NOVEMBER 14, 2020 – FEBRUARY 13, 2021
NOVEMBER 14, 2020 – FEBRUARY 13, 2021
McClain Gallery is pleased to present Rainbow Dream Machine, Julia Kunin’s (b. 1961, Vermont) first solo exhibition at the gallery. The exhibition presents ceramic pieces from the artist’s Caryatid series, a procession of figurative, wall-mounted, and multipart high reliefs. In Kunin’s distinctive style, the works drift between figuration and abstraction while borrowing the language of architecture and employing luster glazes.
"The body and architecture become intertwined creating portraits that verge on the robotic and otherworldly, stand-ins for future Guerillères, or warriors."
Of this series, Kunin says: “These abstracted surreal female and non-gender-specific figures that I am continuing to develop address sexuality while incorporating imagery from once utopian structures. The body and architecture become intertwined, creating portraits that verge on the robotic and otherworldly, stand-ins for future Guerillères, or warriors.” The utopian structures Kunin refers to are manifold: Caryatids in Greek architecture dating back to the 6th century B.C.; the architecture and arts and crafts of 20th century Socialist Hungary; the Bauhaus movement, specifically Oskar Schlemmer’s “The Triadic Ballet,” and its robotic, futuristic costumes; and illustrator Aubrey Beardsley’s Art Nouveau-era drawings that incorporate both pattern and organic forms. While Art Nouveau and Bauhaus are stylistic approaches to art and design theory, they are representative of a shift toward modernism and not without their ideological dogma. Utopian structures, then, refer not only to built architecture but also to experimental constructions of thought.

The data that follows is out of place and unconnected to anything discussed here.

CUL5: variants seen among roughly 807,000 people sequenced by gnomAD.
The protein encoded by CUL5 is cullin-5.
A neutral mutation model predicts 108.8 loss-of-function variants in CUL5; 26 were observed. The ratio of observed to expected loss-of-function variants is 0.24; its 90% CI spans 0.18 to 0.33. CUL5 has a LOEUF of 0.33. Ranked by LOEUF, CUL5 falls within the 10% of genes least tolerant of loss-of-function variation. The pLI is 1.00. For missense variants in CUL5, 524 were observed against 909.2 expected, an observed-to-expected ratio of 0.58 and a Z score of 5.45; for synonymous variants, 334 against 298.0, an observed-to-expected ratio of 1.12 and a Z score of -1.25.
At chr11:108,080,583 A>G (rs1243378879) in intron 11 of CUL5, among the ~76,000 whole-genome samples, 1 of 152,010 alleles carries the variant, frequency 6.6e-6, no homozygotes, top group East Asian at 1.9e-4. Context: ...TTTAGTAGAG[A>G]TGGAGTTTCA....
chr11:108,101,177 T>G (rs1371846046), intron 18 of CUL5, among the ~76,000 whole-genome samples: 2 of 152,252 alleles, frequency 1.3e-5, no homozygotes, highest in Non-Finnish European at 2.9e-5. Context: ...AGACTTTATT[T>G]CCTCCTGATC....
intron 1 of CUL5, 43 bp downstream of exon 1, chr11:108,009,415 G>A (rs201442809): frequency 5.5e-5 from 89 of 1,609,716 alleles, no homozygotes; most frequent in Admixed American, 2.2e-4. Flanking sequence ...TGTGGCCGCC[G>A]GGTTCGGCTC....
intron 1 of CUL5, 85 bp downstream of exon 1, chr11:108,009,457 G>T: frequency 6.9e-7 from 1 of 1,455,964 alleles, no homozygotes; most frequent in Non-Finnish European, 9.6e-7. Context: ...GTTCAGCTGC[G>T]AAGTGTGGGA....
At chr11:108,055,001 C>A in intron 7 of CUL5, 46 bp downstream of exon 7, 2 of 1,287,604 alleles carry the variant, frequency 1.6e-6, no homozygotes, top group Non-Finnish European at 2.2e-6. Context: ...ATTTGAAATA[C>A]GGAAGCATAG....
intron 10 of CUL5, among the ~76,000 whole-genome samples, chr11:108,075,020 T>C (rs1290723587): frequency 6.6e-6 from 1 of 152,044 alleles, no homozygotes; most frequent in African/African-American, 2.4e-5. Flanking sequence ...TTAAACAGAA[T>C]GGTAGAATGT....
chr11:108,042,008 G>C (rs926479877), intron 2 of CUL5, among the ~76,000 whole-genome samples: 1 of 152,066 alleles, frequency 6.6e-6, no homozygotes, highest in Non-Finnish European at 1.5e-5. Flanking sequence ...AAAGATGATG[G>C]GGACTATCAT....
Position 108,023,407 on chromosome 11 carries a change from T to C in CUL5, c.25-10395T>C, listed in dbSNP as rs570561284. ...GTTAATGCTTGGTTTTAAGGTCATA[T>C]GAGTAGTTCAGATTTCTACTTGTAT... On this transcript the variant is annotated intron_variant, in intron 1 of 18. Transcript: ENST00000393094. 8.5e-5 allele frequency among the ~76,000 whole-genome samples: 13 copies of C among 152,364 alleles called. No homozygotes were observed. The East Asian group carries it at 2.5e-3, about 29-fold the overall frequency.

The utopian structures Kunin refers to are manifold: Caryatids in Greek architecture dating back to the 6th century B.C.; the architecture and arts and crafts of 20th century Socialist Hungary; the Bauhaus movement, specifically Oskar Schlemmer’s “The Triadic Ballet,” and its robotic, futuristic costumes; and illustrator Aubrey Beardsley’s Art Nouveau-era drawings that incorporate both pattern and organic forms.
With reverence for such historical wellsprings as Art Nouveau, the Bauhaus, Greek architecture, and all manner of iridescent sources (like ceramics, glass, peacock feathers and countless other naturally occuring gleaming beasts), Kunin's sculptures read as architectural friezes in their own right, telling the story of battle-ready warriors: totemic and unwaning. Gender and sexuality have always been strong integrants of Kunin’s work. Her abstract approach returned to an overt method of figurative representation to address a mounting erasure of queer, specifically lesbian, portrayal in society at large. While possessing female attributes and symbols of femininity like breasts, keyhole shapes, and eyes, the sculptures are essentially genderless. These sentinel-like figures could hail from a futuristic utopia, serving as its protectors and guardians. The viewer can glean a narrative subtext via visual cues, but it is open to interpretation and relies purely upon the viewer’s reference-making to develop a full story.
...queer and lesbian visibility, explored through the idea of the spectacle and the surreal, are paramount to Kunin and the process of layering in her work.